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Tanzania begins manufacturing its own helicopters

The East African nation of Tanzania has begun the manufacture of its own helicopters, and according to reports, it will be taking to the skies soon.

A two seater chopper which is in its final stages of production will start test flights once it is granted permission by the Tanzania Civil Aviation Authority.

The plan was initiated by the Arusha Technical College, department of Mechanical and Engineering as an alternative to easing the transport issues by offering affordable choppers to Tanzanians.

“We are complementing President Magufuli’s industrialisation policy in pioneering the first locally made helicopters that will be available to ordinary residents at affordable prices,” explained the man behind the ATC chopper project, Engineer Abdi Mjema.

Initiated two months ago with the aim of using the chopper for surveillance, rescue and agricultural purposes but reframed for people transportation.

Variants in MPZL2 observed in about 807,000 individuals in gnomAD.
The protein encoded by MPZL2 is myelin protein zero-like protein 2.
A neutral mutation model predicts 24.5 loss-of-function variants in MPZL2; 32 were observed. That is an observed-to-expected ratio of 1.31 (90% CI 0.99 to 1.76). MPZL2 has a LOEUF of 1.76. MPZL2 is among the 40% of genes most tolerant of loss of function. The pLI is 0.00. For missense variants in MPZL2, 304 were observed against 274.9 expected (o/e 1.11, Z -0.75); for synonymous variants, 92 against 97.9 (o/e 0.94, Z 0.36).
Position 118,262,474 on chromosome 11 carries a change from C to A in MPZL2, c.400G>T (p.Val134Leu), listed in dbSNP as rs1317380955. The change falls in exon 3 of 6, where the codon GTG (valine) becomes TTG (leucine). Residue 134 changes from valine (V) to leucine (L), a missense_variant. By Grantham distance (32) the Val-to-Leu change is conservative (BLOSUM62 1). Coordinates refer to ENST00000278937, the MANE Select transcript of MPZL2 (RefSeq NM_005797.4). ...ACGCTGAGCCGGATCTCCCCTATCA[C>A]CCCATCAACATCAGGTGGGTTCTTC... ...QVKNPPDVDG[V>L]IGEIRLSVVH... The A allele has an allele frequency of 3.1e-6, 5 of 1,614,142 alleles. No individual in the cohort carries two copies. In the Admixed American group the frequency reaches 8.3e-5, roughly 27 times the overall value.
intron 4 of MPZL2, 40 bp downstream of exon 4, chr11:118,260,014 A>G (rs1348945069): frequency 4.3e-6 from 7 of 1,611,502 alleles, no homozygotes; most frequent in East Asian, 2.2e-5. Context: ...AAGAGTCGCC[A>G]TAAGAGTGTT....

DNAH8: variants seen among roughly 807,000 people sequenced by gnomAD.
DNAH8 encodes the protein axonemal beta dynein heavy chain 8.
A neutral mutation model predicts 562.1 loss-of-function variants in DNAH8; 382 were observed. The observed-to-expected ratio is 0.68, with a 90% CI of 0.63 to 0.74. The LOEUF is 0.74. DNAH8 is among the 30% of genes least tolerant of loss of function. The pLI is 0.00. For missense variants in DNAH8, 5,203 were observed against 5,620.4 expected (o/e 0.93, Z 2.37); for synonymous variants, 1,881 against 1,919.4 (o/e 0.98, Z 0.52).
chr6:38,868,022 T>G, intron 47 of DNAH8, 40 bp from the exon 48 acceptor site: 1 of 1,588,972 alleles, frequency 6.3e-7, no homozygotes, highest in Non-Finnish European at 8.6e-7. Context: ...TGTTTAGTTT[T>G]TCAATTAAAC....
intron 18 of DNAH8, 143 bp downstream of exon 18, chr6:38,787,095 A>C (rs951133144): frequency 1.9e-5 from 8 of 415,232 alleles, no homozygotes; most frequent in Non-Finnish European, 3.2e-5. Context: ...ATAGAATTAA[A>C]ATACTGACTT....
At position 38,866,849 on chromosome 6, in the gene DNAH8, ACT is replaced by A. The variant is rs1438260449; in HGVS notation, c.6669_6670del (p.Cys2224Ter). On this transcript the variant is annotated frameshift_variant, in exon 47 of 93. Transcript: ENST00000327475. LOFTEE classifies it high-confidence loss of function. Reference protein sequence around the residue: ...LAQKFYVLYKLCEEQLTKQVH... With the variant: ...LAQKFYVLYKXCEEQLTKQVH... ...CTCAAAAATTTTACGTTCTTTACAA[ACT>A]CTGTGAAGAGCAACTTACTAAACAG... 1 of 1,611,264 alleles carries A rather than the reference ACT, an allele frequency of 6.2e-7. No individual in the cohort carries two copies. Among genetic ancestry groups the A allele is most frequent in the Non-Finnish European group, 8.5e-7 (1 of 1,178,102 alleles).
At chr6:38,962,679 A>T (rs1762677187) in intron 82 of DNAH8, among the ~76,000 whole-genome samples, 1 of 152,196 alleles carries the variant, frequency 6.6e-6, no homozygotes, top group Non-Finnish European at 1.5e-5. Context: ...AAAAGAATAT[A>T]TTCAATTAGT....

Now at 50 percent completion the pioneer air craft has a chassis as well as airframe ready and also the popular gasoline powered VW flat engine board that is also used to make the “Robinson” helicopters in the US, but the craft will be ready in three weeks’ time.

“Once we get the aviation authority approval, we shall complete the most sensitive part of the helicopter mounting the main rotor” said the engineer.

The chopper will have a flying ceiling of 400 to begin with, due to the high altitude in the mountainous region and a non-pressurized cabin, but will have it increased to the flying height of a normal commercial chopper which is 8,000 feet above sea level.

Arusha city in the northern region of Tanzania is looking to make history as the first region to fly the first-ever Tanzanian manufactured helicopter in July 2016.

The college says they will be able to produce up to 20 choppers in a year when the project gets a nod from higher authorities.

“The Tanzania-made helicopters will fly before 2020 and specifically 2018, which is two years from now,” said Engineer Mjema.

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pctechmag.com

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